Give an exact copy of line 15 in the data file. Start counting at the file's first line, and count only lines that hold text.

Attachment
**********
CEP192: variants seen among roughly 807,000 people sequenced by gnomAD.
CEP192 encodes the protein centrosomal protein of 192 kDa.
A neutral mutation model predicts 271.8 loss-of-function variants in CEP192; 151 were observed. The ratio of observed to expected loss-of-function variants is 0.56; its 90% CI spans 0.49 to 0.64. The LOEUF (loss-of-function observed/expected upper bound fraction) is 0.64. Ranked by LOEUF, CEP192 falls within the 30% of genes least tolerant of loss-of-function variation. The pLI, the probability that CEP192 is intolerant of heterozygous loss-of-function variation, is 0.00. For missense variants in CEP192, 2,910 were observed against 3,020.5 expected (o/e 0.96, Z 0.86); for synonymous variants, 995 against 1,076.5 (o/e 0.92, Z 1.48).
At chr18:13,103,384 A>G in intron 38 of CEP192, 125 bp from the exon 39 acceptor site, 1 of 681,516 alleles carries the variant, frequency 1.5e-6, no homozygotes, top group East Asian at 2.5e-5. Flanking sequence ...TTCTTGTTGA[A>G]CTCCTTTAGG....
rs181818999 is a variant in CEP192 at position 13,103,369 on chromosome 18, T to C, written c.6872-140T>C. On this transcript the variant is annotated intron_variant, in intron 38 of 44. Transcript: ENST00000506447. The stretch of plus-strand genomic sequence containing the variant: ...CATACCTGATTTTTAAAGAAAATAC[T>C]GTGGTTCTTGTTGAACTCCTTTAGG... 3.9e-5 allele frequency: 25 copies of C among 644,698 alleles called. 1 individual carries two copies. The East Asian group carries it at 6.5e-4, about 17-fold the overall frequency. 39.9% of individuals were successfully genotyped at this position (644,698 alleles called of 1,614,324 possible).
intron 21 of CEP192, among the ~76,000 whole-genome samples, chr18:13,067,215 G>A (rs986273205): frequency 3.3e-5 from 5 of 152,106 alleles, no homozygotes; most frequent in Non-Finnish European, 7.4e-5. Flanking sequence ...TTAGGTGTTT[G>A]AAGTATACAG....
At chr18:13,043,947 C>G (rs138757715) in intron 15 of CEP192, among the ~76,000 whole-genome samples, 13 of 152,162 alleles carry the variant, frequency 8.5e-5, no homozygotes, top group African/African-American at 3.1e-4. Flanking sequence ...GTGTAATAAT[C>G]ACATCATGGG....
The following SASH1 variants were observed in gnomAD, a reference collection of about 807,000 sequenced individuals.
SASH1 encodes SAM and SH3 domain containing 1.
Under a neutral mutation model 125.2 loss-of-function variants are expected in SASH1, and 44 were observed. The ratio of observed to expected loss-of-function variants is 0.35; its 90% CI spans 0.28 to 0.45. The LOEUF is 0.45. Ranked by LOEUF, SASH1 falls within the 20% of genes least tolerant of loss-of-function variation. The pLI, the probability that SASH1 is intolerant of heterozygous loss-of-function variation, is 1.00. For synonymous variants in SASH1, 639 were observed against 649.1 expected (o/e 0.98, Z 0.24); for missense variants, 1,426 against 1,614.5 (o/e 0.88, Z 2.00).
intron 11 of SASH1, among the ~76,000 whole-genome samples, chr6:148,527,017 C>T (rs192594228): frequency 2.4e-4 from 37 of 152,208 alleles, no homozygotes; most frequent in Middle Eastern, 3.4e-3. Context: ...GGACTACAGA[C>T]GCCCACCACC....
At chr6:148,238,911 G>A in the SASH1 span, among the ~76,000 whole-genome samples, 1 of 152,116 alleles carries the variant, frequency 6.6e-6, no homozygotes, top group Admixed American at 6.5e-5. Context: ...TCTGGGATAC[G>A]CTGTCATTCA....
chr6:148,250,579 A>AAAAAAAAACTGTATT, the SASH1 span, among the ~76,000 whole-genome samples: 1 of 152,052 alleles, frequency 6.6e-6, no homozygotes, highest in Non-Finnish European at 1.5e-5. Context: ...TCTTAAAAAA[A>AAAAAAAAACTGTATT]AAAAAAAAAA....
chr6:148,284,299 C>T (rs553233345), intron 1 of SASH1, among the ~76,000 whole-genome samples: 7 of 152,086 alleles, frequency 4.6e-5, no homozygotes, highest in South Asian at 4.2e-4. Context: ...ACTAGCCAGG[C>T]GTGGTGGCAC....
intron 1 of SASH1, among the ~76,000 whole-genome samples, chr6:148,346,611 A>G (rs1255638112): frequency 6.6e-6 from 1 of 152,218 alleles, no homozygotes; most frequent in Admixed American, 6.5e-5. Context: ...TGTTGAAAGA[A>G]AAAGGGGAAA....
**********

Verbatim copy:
intron 1 of SASH1, among the ~76,000 whole-genome samples, chr6:148,346,611 A>G (rs1255638112): frequency 6.6e-6 from 1 of 152,218 alleles, no homozygotes; most frequent in Admixed American, 6.5e-5. Context: ...TGTTGAAAGA[A>G]AAAGGGGAAA....